Anxiety and depression are common co-morbidities of tinnitus. Not every hearing health professional is comfortable broaching the topic of mental health, however. An easy way to start the conversation is to ask, “Do you feel anxious or depressed? Did you feel this way before the tinnitus began? How are you managing it?” If I am concerned about a patient’s mental health, I ask them to complete two open-source questionnaires, the Generalized Anxiety Disorder Scale (GAD-7) and the Patient Health Questionnaire (PHQ-9), and report results to the primary care physician (PCP). I’ll then encourage the patient to book an appointment with their PCP to discuss their mental health specifically.
Ask about head and neck injury or pain. Transient aural fullness and otalgia (especially sound-induced) without apparent otologic cause, tinnitus that alters in pitch/loudness with head/neck movement or position, or tinnitus that spikes throughout the day without any identifiable reason may be an indication that there is a somatosensory connection to tinnitus. I refer to a physiotherapist trained in temporomandibular joint disorder (TMD) and cervical treatment for assessment and, if applicable, treatment. The combination of the physiotherapist’s in-clinic education and treatment along with home practice can significantly reduce some aural symptoms that accompany tinnitus and in some instances, tinnitus as well.
“What if tinnitus gets worse?” This is a common concern for PWT. Some key points: Reassure patients that variations in tinnitus quality are normal, particularly during times of stress, but that tinnitus is unlikely to ramp up endlessly. PWT may be concerned that any loud noise can exacerbate tinnitus permanently. A discussion of safe sound exposure and appropriate use of hearing protection can be helpful here (see below). PWT may also be concerned about the potential impact of medications on tinnitus. While very few drugs are known to cause tinnitus, I encourage patients to discuss with their prescribing physician and pharmacist how changes or additions to their medication regime might impact tinnitus and what options are available should this occur.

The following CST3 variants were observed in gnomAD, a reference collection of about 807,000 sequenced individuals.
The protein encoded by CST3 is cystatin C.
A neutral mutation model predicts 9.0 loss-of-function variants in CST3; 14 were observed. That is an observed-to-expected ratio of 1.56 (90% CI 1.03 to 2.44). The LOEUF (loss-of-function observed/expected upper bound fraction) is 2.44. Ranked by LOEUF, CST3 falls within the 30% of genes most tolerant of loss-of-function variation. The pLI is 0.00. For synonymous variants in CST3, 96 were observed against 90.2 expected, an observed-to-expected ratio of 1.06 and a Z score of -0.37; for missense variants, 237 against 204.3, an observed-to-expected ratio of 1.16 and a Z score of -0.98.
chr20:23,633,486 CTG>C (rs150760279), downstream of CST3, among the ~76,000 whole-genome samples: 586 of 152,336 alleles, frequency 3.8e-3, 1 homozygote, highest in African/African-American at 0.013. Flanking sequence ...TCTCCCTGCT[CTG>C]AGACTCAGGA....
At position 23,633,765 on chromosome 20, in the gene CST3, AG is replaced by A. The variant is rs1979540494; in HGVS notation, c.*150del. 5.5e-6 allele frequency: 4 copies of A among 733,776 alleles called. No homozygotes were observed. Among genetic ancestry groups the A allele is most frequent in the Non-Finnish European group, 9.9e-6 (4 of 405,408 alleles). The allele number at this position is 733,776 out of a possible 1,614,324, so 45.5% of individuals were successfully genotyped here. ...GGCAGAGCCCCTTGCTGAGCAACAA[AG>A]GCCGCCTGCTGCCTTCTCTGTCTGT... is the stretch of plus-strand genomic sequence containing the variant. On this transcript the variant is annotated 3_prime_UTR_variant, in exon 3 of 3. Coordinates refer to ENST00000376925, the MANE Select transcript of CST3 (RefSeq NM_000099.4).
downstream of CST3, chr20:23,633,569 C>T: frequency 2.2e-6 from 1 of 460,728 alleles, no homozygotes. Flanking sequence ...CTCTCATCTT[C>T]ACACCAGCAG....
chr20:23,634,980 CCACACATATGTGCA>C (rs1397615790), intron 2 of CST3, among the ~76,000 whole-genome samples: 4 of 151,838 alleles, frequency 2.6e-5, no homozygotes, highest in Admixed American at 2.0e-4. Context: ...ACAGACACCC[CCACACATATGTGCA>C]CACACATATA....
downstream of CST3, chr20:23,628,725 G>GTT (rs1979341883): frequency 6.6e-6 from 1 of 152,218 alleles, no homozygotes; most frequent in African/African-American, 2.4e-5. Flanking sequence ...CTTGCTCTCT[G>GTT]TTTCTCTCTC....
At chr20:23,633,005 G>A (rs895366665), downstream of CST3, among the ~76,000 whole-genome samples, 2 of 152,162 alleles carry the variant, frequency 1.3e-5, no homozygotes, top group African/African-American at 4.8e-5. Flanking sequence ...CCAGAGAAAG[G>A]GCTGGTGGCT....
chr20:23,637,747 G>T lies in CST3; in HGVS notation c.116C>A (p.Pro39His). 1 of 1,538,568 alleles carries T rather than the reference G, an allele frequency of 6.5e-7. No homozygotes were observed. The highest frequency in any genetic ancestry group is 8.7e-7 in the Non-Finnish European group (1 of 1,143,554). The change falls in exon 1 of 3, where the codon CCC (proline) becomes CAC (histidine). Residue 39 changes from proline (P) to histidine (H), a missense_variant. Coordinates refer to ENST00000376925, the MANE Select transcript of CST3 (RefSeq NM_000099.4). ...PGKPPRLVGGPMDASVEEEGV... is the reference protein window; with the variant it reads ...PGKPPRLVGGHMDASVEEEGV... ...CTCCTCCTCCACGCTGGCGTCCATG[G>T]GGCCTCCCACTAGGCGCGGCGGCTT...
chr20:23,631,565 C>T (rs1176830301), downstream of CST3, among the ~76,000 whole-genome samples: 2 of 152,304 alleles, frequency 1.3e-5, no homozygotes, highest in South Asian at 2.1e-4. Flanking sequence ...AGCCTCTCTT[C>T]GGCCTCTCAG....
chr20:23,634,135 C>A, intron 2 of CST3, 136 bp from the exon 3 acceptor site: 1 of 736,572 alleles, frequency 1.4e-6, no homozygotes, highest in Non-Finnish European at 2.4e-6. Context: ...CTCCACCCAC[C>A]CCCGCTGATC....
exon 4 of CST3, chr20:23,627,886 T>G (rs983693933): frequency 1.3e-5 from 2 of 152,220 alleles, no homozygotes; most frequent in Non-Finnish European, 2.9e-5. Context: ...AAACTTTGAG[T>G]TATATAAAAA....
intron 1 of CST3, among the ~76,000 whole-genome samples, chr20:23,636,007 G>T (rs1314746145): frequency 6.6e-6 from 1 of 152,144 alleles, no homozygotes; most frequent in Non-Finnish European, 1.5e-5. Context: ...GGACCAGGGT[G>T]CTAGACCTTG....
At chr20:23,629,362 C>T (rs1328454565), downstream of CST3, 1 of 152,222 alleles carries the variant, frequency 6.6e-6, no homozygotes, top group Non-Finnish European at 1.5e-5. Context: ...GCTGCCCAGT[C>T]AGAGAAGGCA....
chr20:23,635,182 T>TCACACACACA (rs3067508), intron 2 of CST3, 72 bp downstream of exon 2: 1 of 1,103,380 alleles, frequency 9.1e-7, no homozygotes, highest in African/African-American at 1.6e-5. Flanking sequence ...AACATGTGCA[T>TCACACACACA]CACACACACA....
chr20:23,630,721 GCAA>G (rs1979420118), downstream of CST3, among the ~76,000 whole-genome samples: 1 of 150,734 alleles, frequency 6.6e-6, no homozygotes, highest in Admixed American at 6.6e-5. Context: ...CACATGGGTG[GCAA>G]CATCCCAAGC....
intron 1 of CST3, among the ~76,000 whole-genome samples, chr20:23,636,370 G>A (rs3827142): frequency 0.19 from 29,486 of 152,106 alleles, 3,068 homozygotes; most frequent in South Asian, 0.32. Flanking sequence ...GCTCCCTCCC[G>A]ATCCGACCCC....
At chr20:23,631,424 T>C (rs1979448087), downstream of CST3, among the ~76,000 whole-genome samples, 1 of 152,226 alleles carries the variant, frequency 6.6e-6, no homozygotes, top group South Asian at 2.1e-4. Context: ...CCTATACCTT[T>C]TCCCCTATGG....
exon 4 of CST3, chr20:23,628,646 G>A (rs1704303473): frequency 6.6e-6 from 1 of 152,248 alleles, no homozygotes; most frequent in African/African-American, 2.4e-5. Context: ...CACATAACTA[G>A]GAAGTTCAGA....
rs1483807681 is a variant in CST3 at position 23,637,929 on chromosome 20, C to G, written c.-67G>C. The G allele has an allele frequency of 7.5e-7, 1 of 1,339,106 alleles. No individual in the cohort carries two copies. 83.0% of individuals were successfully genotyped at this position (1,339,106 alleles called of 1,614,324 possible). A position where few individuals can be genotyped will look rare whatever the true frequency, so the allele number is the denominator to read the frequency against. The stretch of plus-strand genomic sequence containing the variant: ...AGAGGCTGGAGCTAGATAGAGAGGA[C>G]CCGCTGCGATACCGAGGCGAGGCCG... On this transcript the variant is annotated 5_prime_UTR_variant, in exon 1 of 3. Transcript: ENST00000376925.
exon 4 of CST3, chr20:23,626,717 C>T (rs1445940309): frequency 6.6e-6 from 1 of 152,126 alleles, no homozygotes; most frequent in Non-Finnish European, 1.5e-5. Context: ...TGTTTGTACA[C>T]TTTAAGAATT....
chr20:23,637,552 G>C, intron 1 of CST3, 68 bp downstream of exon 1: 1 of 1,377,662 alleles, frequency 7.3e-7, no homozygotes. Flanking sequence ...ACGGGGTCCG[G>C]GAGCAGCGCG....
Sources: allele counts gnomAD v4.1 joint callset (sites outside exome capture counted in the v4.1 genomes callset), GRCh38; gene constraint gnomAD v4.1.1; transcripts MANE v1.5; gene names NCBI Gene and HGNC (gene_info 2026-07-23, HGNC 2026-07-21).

Hearing protection: too much of a good thing? Some PWT under-use hearing protection because they find blocking out external sounds makes tinnitus more noticeable and can even contribute to a decreased sense of safety. In my experience, however, most PWT over-use hearing protection because they fear noise will make tinnitus worse or because they have lowered tolerance of loud sounds. Research suggests that over-use of hearing protection can induce decreased sound tolerance. Over-use of hearing protection can also diminish patients’ own and others’ safety, particularly if they are on a work site and don’t hear safety signals. Help your patient identify when hearing protection is and is not appropriate, and what hearing protection best suits their needs. Electronic hearing protection devices like the Peltor ProTac mildly amplify ambient sounds so that the user is aware of their surroundings but also remains safe when sounds exceed 82 dB A. These hearing protection devices have a CSA Class A or Class B rating. I keep a set in my clinic for patients to try – some like them so much, they don’t want to take them off.
If you are recommending a specific kind of hearing protection device for work, give your patient a letter to take to their occupational health and safety person explaining what kind of hearing protection device you are recommending and where it can be sourced.
Electronic hearing protection can be a welcome addition to the tinnitus toolkit
Sleep – getting to sleep, getting back to sleep, or getting “quality” sleep – can be elusive for PWT. Having a sound machine in the bedroom will enrich what is typically a very quiet environment where tinnitus can easily emerge. Cheap and cheerful sound machines work for some people; others need to have a quality transducer for the sound to be acceptable. I recommend setting the volume only to a level that is comfortable and pleasant, and leaving it on 24/7 so that the sound becomes part of the bedroom soundscape. Some patients try to use the sound to mask or obscure tinnitus – this can render the sound annoying to them and their sleep mates, and runs counter to the notion of tinnitus habituation. Sleep hygiene is critical, too – no one is going to get a good sleep if they have poor sleep habits. Health issues such as sleep apnea, chronic pain, restless legs syndrome, and mental health conditions can also impact sleep quality and quantity. As with mental health issues, I encourage patients to specifically discuss sleep with their PCP if it’s an ongoing concern.
“Nothing is all good, nothing is all bad”. There can be a silver lining to tinnitus. Maybe tinnitus will motivate better hearing loss management. Maybe it will encourage positive changes such as stress reduction or addressing other health issues. Anne-Mette Mohr discusses her perspective on tinnitus as an existential psychologist in what might be my favourite tinnitus article ever.
With their super-sized pinnae, Corgis are the natural choice of canine for hearing health care professionals. At least Margaret thinks so.
Photo credit: Noriko Nasu-Tidball
There will be times when you don’t have all the answers. Let your patients know that you will do your best to help them manage tinnitus and decreased sound tolerance. If you’re stuck on how to achieve this, ask for help from an experienced colleague or the audiologist on-call for your hearing aid manufacturer, or direct your patients to another clinic that provides what you think they need. Your patients will thank you.